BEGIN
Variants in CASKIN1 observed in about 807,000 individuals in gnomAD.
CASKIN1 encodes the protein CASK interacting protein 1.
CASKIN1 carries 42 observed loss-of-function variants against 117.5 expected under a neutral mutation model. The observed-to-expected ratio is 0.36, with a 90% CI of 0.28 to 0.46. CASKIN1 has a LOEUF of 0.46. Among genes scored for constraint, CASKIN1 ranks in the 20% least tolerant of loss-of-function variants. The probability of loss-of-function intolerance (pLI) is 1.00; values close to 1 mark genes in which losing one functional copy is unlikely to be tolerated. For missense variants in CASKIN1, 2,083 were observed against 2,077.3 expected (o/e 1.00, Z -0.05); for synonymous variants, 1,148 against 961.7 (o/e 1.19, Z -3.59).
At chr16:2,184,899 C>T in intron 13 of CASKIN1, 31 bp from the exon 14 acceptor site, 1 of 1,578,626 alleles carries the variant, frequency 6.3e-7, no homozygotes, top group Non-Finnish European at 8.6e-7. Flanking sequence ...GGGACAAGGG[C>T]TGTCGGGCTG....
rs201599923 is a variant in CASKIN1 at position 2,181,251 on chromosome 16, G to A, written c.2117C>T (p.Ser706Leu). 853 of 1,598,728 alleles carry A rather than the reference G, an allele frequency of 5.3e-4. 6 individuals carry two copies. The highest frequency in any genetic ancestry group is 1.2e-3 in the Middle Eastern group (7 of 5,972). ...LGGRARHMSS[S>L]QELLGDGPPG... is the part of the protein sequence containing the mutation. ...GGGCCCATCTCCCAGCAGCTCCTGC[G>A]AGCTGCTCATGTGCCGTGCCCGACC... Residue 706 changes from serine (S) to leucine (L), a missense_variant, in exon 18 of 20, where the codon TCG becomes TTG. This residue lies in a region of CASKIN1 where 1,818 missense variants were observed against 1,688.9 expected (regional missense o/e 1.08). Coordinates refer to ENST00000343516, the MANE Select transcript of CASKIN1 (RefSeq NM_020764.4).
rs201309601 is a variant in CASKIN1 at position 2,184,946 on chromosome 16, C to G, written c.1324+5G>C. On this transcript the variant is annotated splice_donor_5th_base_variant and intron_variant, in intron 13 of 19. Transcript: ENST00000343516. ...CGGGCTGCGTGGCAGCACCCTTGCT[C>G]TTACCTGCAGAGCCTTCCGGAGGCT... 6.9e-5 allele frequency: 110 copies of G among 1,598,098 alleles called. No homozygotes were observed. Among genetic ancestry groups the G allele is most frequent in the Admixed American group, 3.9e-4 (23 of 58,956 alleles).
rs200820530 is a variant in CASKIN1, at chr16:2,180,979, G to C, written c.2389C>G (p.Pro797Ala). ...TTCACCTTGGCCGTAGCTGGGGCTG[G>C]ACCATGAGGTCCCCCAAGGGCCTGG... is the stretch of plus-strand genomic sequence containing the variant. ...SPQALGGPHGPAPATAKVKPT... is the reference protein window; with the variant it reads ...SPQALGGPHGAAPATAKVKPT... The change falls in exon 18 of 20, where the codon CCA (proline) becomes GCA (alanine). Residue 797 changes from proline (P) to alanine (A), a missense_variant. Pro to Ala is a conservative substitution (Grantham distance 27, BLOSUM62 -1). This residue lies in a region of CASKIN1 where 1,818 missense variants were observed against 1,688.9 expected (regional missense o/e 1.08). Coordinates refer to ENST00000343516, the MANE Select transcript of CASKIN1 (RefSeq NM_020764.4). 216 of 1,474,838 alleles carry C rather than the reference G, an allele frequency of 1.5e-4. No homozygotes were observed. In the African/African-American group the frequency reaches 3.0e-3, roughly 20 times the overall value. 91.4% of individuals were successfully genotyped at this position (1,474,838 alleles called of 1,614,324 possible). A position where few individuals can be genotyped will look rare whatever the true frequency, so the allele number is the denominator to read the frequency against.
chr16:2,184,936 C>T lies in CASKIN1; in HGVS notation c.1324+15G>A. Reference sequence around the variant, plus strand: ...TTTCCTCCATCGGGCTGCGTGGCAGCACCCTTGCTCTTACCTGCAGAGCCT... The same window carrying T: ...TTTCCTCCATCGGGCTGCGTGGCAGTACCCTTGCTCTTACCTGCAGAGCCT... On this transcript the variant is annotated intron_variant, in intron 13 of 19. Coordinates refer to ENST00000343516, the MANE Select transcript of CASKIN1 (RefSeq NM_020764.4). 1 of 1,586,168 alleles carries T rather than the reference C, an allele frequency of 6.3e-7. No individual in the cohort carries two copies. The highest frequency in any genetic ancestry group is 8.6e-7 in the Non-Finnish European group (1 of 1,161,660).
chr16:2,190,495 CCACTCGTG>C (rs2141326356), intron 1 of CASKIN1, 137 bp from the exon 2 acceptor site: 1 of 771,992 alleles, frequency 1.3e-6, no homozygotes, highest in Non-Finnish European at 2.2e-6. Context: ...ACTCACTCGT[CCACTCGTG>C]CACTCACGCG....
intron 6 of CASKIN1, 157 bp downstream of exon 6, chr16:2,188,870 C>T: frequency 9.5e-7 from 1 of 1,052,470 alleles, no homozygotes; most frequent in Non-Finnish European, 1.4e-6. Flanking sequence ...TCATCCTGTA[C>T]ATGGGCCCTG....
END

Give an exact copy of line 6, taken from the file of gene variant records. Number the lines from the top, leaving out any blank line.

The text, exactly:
rs201309601 is a variant in CASKIN1 at position 2,184,946 on chromosome 16, C to G, written c.1324+5G>C. On this transcript the variant is annotated splice_donor_5th_base_variant and intron_variant, in intron 13 of 19. Transcript: ENST00000343516. ...CGGGCTGCGTGGCAGCACCCTTGCT[C>G]TTACCTGCAGAGCCTTCCGGAGGCT... 6.9e-5 allele frequency: 110 copies of G among 1,598,098 alleles called. No homozygotes were observed. Among genetic ancestry groups the G allele is most frequent in the Admixed American group, 3.9e-4 (23 of 58,956 alleles).